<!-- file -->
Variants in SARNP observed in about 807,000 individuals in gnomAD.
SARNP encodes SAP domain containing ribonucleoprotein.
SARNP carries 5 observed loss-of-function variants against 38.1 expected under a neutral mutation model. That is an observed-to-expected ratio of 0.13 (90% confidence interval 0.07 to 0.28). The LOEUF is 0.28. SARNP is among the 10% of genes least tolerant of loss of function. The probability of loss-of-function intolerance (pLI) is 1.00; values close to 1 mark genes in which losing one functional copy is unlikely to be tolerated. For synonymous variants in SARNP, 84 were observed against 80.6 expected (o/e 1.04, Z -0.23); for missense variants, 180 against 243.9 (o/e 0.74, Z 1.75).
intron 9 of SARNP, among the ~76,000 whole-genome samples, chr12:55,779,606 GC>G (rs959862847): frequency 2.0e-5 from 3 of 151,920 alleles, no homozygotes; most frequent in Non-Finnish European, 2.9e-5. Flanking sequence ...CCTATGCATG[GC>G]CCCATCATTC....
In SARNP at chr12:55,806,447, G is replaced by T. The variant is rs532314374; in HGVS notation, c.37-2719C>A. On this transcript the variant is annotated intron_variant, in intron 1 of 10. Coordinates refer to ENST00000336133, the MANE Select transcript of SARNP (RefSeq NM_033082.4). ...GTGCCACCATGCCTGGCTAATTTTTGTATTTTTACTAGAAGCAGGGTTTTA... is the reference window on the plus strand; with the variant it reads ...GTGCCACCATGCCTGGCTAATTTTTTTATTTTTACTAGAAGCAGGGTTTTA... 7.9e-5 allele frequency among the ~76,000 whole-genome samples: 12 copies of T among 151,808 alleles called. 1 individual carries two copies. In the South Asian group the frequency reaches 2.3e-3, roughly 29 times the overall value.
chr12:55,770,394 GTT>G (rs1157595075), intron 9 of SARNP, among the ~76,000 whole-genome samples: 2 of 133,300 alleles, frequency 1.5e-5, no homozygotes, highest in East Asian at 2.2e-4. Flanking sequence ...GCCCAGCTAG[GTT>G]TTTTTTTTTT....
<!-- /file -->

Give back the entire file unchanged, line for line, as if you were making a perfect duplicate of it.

Variants in SARNP observed in about 807,000 individuals in gnomAD.
SARNP encodes SAP domain containing ribonucleoprotein.
SARNP carries 5 observed loss-of-function variants against 38.1 expected under a neutral mutation model. That is an observed-to-expected ratio of 0.13 (90% confidence interval 0.07 to 0.28). The LOEUF is 0.28. SARNP is among the 10% of genes least tolerant of loss of function. The probability of loss-of-function intolerance (pLI) is 1.00; values close to 1 mark genes in which losing one functional copy is unlikely to be tolerated. For synonymous variants in SARNP, 84 were observed against 80.6 expected (o/e 1.04, Z -0.23); for missense variants, 180 against 243.9 (o/e 0.74, Z 1.75).
intron 9 of SARNP, among the ~76,000 whole-genome samples, chr12:55,779,606 GC>G (rs959862847): frequency 2.0e-5 from 3 of 151,920 alleles, no homozygotes; most frequent in Non-Finnish European, 2.9e-5. Flanking sequence ...CCTATGCATG[GC>G]CCCATCATTC....
In SARNP at chr12:55,806,447, G is replaced by T. The variant is rs532314374; in HGVS notation, c.37-2719C>A. On this transcript the variant is annotated intron_variant, in intron 1 of 10. Coordinates refer to ENST00000336133, the MANE Select transcript of SARNP (RefSeq NM_033082.4). ...GTGCCACCATGCCTGGCTAATTTTTGTATTTTTACTAGAAGCAGGGTTTTA... is the reference window on the plus strand; with the variant it reads ...GTGCCACCATGCCTGGCTAATTTTTTTATTTTTACTAGAAGCAGGGTTTTA... 7.9e-5 allele frequency among the ~76,000 whole-genome samples: 12 copies of T among 151,808 alleles called. 1 individual carries two copies. In the South Asian group the frequency reaches 2.3e-3, roughly 29 times the overall value.
chr12:55,770,394 GTT>G (rs1157595075), intron 9 of SARNP, among the ~76,000 whole-genome samples: 2 of 133,300 alleles, frequency 1.5e-5, no homozygotes, highest in East Asian at 2.2e-4. Flanking sequence ...GCCCAGCTAG[GTT>G]TTTTTTTTTT....